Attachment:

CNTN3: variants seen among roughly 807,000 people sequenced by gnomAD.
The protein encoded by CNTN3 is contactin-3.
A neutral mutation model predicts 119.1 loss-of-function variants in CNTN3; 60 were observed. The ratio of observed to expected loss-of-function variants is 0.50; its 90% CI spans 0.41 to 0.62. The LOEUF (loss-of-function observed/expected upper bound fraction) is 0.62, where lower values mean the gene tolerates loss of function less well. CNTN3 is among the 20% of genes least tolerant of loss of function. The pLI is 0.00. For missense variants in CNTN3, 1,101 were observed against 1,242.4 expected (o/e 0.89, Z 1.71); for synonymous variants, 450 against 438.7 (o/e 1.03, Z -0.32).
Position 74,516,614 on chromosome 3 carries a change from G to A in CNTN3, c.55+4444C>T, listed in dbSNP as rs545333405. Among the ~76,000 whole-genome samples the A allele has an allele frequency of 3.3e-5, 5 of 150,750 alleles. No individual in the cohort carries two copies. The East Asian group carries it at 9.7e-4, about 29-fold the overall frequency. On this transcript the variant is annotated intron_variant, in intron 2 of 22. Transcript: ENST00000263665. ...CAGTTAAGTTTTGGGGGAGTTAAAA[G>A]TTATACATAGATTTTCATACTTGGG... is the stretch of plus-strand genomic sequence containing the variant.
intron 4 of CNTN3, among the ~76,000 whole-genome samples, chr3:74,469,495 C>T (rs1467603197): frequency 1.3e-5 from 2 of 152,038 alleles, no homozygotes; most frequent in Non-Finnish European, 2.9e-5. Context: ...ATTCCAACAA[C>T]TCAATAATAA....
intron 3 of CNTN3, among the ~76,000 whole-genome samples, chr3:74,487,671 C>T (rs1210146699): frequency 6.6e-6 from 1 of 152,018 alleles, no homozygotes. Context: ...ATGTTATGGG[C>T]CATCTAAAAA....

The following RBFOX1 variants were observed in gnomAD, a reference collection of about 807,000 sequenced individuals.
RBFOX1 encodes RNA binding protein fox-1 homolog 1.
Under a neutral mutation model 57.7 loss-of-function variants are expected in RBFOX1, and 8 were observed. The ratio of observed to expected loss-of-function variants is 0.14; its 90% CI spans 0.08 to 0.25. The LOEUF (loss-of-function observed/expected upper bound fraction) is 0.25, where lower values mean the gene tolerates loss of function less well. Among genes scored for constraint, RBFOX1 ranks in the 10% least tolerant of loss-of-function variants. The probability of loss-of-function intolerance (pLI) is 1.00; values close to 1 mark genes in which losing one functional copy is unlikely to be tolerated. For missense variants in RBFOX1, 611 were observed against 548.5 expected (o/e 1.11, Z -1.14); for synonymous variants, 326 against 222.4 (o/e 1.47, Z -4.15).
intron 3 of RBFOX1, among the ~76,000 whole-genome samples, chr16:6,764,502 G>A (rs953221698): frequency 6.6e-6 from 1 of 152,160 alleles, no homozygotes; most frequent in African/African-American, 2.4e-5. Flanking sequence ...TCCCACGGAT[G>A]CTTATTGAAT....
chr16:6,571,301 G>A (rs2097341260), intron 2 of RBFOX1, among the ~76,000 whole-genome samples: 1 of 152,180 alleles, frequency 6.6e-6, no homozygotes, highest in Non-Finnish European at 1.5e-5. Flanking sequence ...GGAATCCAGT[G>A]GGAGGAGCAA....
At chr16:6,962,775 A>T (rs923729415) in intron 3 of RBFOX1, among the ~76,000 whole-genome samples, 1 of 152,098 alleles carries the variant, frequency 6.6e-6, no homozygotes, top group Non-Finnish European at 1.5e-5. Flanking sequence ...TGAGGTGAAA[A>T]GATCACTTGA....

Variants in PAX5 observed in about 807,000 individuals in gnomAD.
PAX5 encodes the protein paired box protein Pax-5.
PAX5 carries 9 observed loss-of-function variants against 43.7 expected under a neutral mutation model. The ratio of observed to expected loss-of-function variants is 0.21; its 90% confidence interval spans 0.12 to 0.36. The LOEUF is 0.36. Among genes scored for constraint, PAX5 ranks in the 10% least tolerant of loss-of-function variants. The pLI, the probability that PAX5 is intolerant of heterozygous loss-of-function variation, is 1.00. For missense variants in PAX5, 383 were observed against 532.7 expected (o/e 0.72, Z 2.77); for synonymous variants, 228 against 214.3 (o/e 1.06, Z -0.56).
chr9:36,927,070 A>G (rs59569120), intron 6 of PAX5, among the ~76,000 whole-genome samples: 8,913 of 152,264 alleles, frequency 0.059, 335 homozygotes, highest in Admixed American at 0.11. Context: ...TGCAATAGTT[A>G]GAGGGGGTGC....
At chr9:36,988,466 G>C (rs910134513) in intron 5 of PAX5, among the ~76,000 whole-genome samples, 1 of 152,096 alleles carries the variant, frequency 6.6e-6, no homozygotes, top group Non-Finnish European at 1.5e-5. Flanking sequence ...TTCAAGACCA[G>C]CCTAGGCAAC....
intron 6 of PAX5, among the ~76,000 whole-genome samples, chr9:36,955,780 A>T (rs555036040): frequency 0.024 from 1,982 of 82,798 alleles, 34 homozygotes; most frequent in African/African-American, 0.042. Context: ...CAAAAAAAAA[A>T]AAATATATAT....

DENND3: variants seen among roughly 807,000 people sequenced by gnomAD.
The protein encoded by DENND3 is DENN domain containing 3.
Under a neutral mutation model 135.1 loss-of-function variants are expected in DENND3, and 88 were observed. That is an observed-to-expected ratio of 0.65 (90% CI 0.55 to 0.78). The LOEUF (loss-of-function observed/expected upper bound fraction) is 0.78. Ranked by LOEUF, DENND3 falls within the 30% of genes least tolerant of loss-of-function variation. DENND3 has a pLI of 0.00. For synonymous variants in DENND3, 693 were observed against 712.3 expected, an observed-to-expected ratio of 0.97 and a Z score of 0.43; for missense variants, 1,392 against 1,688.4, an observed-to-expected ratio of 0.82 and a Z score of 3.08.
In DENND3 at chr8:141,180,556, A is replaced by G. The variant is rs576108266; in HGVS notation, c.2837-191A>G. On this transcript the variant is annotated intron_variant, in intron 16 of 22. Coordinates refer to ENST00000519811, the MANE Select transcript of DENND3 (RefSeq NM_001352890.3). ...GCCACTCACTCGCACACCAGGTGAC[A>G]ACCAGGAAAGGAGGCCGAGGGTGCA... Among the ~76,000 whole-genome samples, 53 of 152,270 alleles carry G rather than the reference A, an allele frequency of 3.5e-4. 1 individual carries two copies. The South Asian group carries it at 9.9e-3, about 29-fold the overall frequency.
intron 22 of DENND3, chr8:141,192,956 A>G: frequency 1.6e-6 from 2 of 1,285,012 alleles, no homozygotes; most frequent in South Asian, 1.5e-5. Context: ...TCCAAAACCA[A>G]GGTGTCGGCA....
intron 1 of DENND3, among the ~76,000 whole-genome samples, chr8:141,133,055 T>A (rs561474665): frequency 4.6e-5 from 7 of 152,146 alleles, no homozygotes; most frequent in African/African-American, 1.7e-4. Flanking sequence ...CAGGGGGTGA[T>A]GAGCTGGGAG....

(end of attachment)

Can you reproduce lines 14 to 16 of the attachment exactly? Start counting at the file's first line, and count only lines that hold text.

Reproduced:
PAX5 encodes the protein paired box protein Pax-5.
PAX5 carries 9 observed loss-of-function variants against 43.7 expected under a neutral mutation model. The ratio of observed to expected loss-of-function variants is 0.21; its 90% confidence interval spans 0.12 to 0.36. The LOEUF is 0.36. Among genes scored for constraint, PAX5 ranks in the 10% least tolerant of loss-of-function variants. The pLI, the probability that PAX5 is intolerant of heterozygous loss-of-function variation, is 1.00. For missense variants in PAX5, 383 were observed against 532.7 expected (o/e 0.72, Z 2.77); for synonymous variants, 228 against 214.3 (o/e 1.06, Z -0.56).
chr9:36,927,070 A>G (rs59569120), intron 6 of PAX5, among the ~76,000 whole-genome samples: 8,913 of 152,264 alleles, frequency 0.059, 335 homozygotes, highest in Admixed American at 0.11. Context: ...TGCAATAGTT[A>G]GAGGGGGTGC....